China's Intimidation Tactics
Asian Wall Street Journal, Sunday, 15 July, 2001
Many no doubt will hail the conviction and imminent deportation of U.S. academic Li Shaomin as the beginning of the end to an unpleasant chapter in China's relations with the outside world. Now that he will soon be free, and the four other ethnically Chinese detained foreign scholars will likely follow, the temptation will be to forget about the whole episode. But that is not only impossible; any attempt to do so would be unwise. The arrest of Mr. Li and his colleagues must be recognized as part of a larger plan to silence dissent within and outside of China.
We know from many first-hand accounts that being detained by the Chinese Ministry of State Security is a mind-bending experience. The interrogators' tactics are designed to make the detainee feel guilty for bringing this horrible experience on himself. First off, the agents claim to know all about his guilt, but say it is up to him to explain. All you have to do is make a full confession and write a self-criticism, they suggest, and we can all go back to being friends. In other words, insistence on innocence is a senseless obstacle to better treatment that benefits no one. Yet once that insistence is worn down, a sense of guilt can work its way into the psyche more easily.
The experience is even more surreal when the detainee is an overseas Chinese. He's likely to be released eventually, but often just before release the agents will appeal to his sense of patriotism. In a jovial atmosphere, perhaps at a good-bye banquet, they ask him not to talk about the experience once he is free. After all we don't want to bring shame on China, do we? Everything is twisted around, just as George Orwell wrote: Love is hate, lies are truth, innocence is guilt.
All these techniques are used to induce a sense of guilt in the detainee that he refused to go along with the twisted system that so many of his peers simply accept. He may regret doing whatever little thing it was that brought him to the attention of the authorities, if only because of the trauma the detention caused to his family. There are always bonds to friends and family that the authorities can exploit to subtly keep dissenters in line. The implicit threat is that more emotional pain can be inflicted on them in future if one steps out of line.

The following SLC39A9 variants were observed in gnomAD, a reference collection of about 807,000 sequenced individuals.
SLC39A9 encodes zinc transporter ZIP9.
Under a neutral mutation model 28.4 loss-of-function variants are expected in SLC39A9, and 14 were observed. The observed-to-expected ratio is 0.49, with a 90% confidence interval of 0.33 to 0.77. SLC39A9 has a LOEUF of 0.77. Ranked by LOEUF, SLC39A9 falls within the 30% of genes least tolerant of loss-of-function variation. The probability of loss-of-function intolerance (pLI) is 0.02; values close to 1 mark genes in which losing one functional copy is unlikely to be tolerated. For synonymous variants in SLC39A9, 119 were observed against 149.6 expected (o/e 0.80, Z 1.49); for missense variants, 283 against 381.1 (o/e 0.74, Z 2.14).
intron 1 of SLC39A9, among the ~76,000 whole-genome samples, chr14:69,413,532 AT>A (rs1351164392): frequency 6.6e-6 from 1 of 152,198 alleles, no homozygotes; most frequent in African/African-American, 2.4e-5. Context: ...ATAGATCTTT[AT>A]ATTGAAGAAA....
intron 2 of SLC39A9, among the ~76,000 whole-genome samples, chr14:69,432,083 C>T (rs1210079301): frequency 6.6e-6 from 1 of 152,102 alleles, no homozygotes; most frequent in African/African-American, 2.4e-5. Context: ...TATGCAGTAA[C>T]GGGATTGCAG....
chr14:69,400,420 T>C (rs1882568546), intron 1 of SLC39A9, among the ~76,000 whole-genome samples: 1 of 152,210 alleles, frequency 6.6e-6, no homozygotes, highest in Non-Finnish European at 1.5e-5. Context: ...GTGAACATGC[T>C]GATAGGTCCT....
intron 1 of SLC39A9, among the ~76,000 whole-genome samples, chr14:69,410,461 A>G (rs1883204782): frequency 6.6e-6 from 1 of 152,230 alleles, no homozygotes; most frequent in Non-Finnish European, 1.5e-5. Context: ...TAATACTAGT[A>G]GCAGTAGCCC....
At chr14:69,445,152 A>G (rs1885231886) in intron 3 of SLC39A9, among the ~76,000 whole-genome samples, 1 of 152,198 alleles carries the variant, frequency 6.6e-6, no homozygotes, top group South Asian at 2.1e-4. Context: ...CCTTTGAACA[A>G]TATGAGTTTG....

This system is very effective in many cases in silencing dissenters. But it is even more effective in silencing others who are thinking of dissenting but haven't come to the attention of the Ministry of State Security (MSS). This was the point of publicizing a sham trial against Mr. Li, complete with a sham confession. It is a message to other Chinese scholars inside and outside of China. Not only does the MSS have the power to arrest and torture you, it can compromise you in the eyes of your colleagues and peers.
Not only must Mr. Li now struggle to reconcile the confused emotions of guilt and shame caused by his long ordeal, he must do so under the sudden glare of the media spotlight. If he had merely been tortured in order to frighten others, then colleagues, friends and such would rally to his support. But because the Chinese authorities have deliberately kept the details of his case shrouded in mystery, many may now be be hesitant to associate with him. Indeed his home institution, City University in Hong Kong, already seems to have mixed feelings about his possible return - it is considering docking his vacation allowance to make up for the time he spent in prison.
This lack of solidarity, in fact a subtle form of ostracization, raises the stakes so high that few academics who depend for their livelihood on access to China and the institutions which specialize in China studies would dare to risk the attentions of the MSS. The Chinese government has put out the story that it cracked a ring of Taiwanese spies. Might those who defend Mr. Li or associate with him also come under suspicion? Since everything is vague, why not stay as far as possible from the danger areas just to be safe? This becomes a very convenient self-perpetuating censorship machine that requires only periodic maintenance from the MSS.
The arrest of Mr. Li and the four other foreign-based Chinese scholars had a significant chilling effect on other academics. The U.S. State Department issued a public announcement warning that "travel to Taiwan or involvement with Taiwan media organizations has apparently also been regarded as the equivalent of espionage by MSS," and so people who have had such contact should re-evaluate plans to travel to China. There is anecdotal evidence that some academics have since cancelled trips to the mainland. The arrests clearly influenced the mainland writer He Qinglian, who decided to flee the country after it became clear that security agents were scrutinizing her foreign contacts.
How can academics combat this scheme which undermines their own integrity? First of all by sticking together. More than 400 China scholars signed a petition calling for the release of Mr. Li and the others, and more than 100 professors in Hong Kong issued a similar appeal to Chinese President Jiang Zemin when he was visiting the territory recently. By maintaining their solidarity, they lessen the ostracizing effect on Mr. Li and make it more difficult for Beijing to exact retribution against any one signer.
For this same reason, it's important that Mr. Li receive a fitting welcome back to freedom when he is released. He should be reassured that he in no way bears any guilt for what happened to him, and that his colleagues rightly lay the blame for this ordeal at the feet of the MSS. Furthermore, if the administrators of City University decide to support China's efforts to silence their own scholars, they should be condemned for failing to uphold the ideals of the university as a center for the free exploration of ideas.